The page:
An outside org. should be called in to do the investigations and prosecutions, at the very least–ignoring the crimes due to who’s involved is nuts! This country’s ‘justice’ system’s actors are selling us all down the proverbial river of No Return here, by allowing criminals to get away with murder–I mean child molestation [could nearly be the same thing, imo] due to who they supposedly are–who cares WHO they are?! They need to be behind bars at the very least!!!

    Liked by 1 person

  6. And, about Clarke’s disgusting behavior–money seems to be behind why the govt. of that country never bothered to check into the complaints about the man, until that law was passed, and that wonderful group was formed to try and ferret out perps like Clarke, and to help the abused children–“Money talks, and B.S. walks”–at least it certainly seems that way to me.

    Liked by 1 person

  7. Reblogged this on My Blog and commented:

    ‘2001 Space Odyssey’ Science-Fiction-Schriftsteller Arthur C. Clarke war ein Pädophiler

    Liked by 1 person

  8. I read Robert Heinlein’s “Stranger in a Strange Land” as a teenager. It was pretty fashionable at the time. I had not developed into the Christian I am today, and, in fact, I was quite a worldly young person and over exposed to the media. Even so, it never sat right with me. The happy ending or moral to the story was just so bleak and hollow. Its not as bad as the putrid Childhood’s End, but the vibe is there.

    I now see sci-fi is a new age religion, and they’ve been pushing it for a long while.
    It has a phony air of intelligence about it but scratch the surface and it’s puerile and sad and seeks to replace Jesus.

    Liked by 1 person

    • “I now see sci-fi is a new age religion”

      Good point! What is Star Wars‘ “The Force” but a pantheistic religion?

      Liked by 1 person

      • I wonder if this “force” is what is spoken of in Daniel 11:38 –

        But in his estate shall he honour the God of forces: and a god whom his fathers knew not shall he honour with gold, and silver, and with precious stones, and pleasant things.

        Like

      • Some sci-fi writing is or has become a religion; the foremost is the justifiably notorious Scientology, which its founder even admitted was a prank, but when he saw the money he could swindle out of weak-minded, minimally spiritual people, he did a 180 degree about face and went to promoting the entire BS that it is. See https://en.wikipedia.org/wiki/Scientology

        Like

      • It’s as if satan is telling the technological fetish atheists that man can save man, with technology and help from lucifer. Maybe satan thinks with his power and man’s technology he can avoid his fate in hell? Lol.

        Like

    • There’s some good sci-fi out there. You just have to dig for it. Orson Scott Card, C S Lewis….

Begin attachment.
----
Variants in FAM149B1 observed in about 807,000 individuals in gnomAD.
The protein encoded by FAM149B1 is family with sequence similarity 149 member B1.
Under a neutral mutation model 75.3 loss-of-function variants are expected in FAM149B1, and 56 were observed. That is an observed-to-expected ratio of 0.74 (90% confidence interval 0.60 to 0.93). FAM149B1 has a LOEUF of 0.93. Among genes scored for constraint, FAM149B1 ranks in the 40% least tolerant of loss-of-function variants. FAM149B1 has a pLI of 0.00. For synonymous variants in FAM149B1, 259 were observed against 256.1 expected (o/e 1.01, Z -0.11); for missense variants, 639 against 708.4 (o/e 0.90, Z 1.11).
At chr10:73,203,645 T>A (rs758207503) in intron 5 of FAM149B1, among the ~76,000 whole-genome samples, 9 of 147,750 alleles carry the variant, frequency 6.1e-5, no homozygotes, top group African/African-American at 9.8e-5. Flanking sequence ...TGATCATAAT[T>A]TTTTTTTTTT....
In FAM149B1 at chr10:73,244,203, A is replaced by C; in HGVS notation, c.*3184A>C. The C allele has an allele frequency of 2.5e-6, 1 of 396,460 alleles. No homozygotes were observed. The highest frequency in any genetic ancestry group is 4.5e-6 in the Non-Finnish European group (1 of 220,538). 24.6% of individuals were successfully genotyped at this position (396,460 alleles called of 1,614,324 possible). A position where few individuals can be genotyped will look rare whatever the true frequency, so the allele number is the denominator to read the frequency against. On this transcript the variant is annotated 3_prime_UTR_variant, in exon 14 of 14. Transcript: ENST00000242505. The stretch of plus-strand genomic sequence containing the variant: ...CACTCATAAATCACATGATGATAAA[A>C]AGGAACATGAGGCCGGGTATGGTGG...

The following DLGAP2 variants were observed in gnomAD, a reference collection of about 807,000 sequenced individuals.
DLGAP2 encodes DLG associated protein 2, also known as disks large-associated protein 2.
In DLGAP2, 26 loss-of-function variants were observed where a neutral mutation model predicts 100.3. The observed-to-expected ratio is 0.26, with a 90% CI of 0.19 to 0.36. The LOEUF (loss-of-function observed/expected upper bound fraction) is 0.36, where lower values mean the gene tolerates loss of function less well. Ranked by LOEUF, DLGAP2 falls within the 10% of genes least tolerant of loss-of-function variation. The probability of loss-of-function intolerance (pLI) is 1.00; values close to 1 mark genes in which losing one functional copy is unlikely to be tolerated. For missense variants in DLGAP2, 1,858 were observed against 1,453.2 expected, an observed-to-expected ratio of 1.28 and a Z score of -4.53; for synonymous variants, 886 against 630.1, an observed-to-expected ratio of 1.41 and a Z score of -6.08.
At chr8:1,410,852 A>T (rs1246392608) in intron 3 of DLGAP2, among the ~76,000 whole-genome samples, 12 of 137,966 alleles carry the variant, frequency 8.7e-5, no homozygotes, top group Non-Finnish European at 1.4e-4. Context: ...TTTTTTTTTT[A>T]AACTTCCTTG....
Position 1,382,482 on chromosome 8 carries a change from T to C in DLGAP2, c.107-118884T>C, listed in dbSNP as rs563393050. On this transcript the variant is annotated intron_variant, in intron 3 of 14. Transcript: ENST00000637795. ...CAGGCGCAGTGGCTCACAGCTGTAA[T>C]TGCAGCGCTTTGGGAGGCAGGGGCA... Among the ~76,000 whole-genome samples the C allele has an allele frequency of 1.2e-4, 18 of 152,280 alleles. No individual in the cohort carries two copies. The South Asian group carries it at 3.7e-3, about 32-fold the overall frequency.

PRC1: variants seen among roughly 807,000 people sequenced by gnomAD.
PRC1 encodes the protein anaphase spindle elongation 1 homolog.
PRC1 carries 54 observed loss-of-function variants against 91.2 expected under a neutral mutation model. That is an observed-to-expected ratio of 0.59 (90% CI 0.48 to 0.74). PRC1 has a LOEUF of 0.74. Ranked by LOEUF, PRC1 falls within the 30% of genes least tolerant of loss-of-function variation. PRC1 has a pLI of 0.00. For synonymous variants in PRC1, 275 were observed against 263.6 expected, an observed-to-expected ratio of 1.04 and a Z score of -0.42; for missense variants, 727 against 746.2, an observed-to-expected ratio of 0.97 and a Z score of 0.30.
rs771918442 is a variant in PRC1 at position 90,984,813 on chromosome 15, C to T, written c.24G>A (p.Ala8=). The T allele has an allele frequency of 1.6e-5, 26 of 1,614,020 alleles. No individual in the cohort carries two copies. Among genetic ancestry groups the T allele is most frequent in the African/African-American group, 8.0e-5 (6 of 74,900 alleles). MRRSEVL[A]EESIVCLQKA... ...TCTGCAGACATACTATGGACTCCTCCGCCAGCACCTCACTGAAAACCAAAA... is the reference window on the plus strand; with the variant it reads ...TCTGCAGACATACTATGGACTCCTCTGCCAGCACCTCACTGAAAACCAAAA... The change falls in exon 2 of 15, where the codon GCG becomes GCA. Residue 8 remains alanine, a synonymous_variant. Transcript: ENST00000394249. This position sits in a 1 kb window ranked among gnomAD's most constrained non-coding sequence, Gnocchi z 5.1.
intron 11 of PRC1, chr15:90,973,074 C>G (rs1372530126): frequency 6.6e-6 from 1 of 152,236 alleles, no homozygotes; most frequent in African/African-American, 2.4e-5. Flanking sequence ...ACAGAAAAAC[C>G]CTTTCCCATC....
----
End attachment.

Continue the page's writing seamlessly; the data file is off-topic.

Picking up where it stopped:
Like

    • I did some research on this subject a while back, oddly enough Todd, it was originally a side-track from another branch of research I was doing at the time. Turns out most of “Sci-fi” came about from the occult… I found out the term “star ship” that is a virtual staple of the sci-fi genre was actually coined in a crazy anti-christian “channeled” (but I hear plagiarized by and large from earlier texts) text that was aiming to try to supplant the Bible proper, typed up on a typewriter by john ballou newbrough, a spiritualism cultist, called “oahspe”. (He had the “gods” riding about in them, shades of the “ancient aliens” neo-gnostic garbage there). Those “aliens” movies also similarly have ties that go back to the occult et al. the creatures were made by one h.r. geiger, himself drawing on inspiration from h.p. lovecraft, who himself drew on arthur lewellyn jones a.k.a. “machen”, who palled around with types like arthur edward waite, who was partly responsible for designing the widely recognized “standard” type of tarot deck in use these days, a. l. jones was similarly involved with the hermetic* (*this is basically another word for gnostic, by the way.) order of the golden dawn via amelia hogg his romantic interest for some time.

      These are just two of the most prominent connections, but not the only ones by any stretch, the further back you look the more you see that the genre of “sci-fi” seems to have popped up from the occult, and relatedly it seems that belief in “aliens” has been a pet project of the devil to indoctrinate people with, for over a century now. I guess it shouldn’t be surprising to find many if not most sci-fi authors were otherwise corrupted, there might be some less so, or not at all, but they seem to be rare (like Lewis, as mentioned by MyBrainHurts).

      Like

  9. The recent Hillary photo seems to fit right in here. And now I know another reason why Clark’s “2001: A Space Odyssey” always gave me a bad feeling.

    Liked by 1 person